PCAAT Student Ministry Teams return

Three leaders, one question, same answer.
Would you go back?
Kevin Peters said, "Tomorrow." Shannon Weiss said, "Today!" Annette Maningas grinned and said, "When do we leave?"
These Prairie leaders took student ministry teams to Mozambique and the Philippines this summer and, like their students, now face the dauntingly impossible task of trying to compress intense cross-cultural experiences into an emotional package North Americans can understand.
But they would go back, despite the disconnect between living in secure and affluent Three Hills and seeing what the rest of the world does not have.
Mrs. Maningas, her two co-leaders, Cheryl McClim and Ruth Sinclair, and their seven students, will struggle with understanding how Philippine children could possibly thrive in a shantytown landfill or how three generations can live in a cemetery.
No matter the intended purpose of a Prairie summer mission trip—medical, education, or social—it's children, children, children that surface in every report.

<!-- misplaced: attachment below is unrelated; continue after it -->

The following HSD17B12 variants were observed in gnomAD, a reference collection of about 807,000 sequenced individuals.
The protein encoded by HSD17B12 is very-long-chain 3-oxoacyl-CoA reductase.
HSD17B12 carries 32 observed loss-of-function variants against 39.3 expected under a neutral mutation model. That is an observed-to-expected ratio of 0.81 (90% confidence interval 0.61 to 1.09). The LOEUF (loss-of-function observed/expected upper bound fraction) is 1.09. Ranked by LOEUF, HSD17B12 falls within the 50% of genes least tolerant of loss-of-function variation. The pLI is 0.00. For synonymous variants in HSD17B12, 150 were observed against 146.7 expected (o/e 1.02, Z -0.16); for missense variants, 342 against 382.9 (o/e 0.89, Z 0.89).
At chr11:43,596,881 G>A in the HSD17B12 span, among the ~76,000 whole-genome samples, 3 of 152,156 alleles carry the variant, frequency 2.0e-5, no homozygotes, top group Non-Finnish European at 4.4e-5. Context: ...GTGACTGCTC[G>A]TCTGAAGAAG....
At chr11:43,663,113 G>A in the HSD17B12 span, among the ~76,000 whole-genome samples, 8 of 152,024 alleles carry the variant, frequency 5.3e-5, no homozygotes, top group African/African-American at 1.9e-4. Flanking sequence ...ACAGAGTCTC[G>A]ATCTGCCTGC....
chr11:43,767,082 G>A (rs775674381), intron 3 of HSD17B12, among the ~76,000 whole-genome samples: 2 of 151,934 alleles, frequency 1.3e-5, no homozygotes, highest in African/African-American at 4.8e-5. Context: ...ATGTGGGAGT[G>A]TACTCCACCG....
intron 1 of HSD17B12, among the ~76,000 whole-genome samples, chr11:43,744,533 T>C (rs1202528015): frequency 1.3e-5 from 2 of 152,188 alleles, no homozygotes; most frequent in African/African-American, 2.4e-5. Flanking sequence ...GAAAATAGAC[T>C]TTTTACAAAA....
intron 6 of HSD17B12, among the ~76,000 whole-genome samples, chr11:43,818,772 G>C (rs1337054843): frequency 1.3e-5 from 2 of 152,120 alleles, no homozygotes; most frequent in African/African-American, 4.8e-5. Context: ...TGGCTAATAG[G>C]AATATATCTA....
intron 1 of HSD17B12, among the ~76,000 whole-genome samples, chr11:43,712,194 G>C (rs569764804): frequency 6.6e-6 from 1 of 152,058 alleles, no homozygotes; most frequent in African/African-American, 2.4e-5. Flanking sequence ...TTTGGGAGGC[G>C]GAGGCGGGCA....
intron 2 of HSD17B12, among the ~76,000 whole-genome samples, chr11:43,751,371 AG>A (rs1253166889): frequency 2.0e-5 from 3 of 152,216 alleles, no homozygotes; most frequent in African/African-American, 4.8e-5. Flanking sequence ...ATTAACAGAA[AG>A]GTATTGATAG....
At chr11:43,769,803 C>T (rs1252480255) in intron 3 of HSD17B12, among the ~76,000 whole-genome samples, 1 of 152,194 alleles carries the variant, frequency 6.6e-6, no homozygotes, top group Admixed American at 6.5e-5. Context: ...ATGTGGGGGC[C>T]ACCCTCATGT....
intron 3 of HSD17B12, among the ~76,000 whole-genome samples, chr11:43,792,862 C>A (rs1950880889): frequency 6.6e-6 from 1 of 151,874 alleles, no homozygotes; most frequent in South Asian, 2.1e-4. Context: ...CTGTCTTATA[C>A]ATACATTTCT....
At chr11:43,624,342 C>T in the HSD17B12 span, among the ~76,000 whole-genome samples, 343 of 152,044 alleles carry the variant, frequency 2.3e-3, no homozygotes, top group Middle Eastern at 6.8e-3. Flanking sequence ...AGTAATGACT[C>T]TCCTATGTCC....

College faculty members Kevin Peters and Shannon Weiss, leaders of separate trips to Mozambique, Africa, echo the children theme: encountering malnourished kids, dying kids, sick kids, little ones with tattered clothes and ragged futures; orphans, near-orphans, and very average two-parent children from strong and loving homes.
Mr. Peters' nine-student team, co-led by PCAAT faculty members Susan Tipton and Wendy Dafoe and PBC student Jeff Leeder, was staged to facilitate a second year community health practicum. While the students could have done their practicum in North America, Prairie is the only LPN program in Canada with international opportunities.
Miss Weiss' seven-member team of first year PCAAT students did clinic work, observations, and participated in community care in homes.
Not easy in a culture where, as Ms Weiss put it, there is a lot of hopelessness. "We saw many things," she said, "that students do not see in Canada. Things like death caused by AIDS, malnutrition, or malaria. But something Africans have that we don't is a preparedness to spend quality time with you. In Canada, something is always after us; but over there, they are involved with each other and less inclined to focus on things."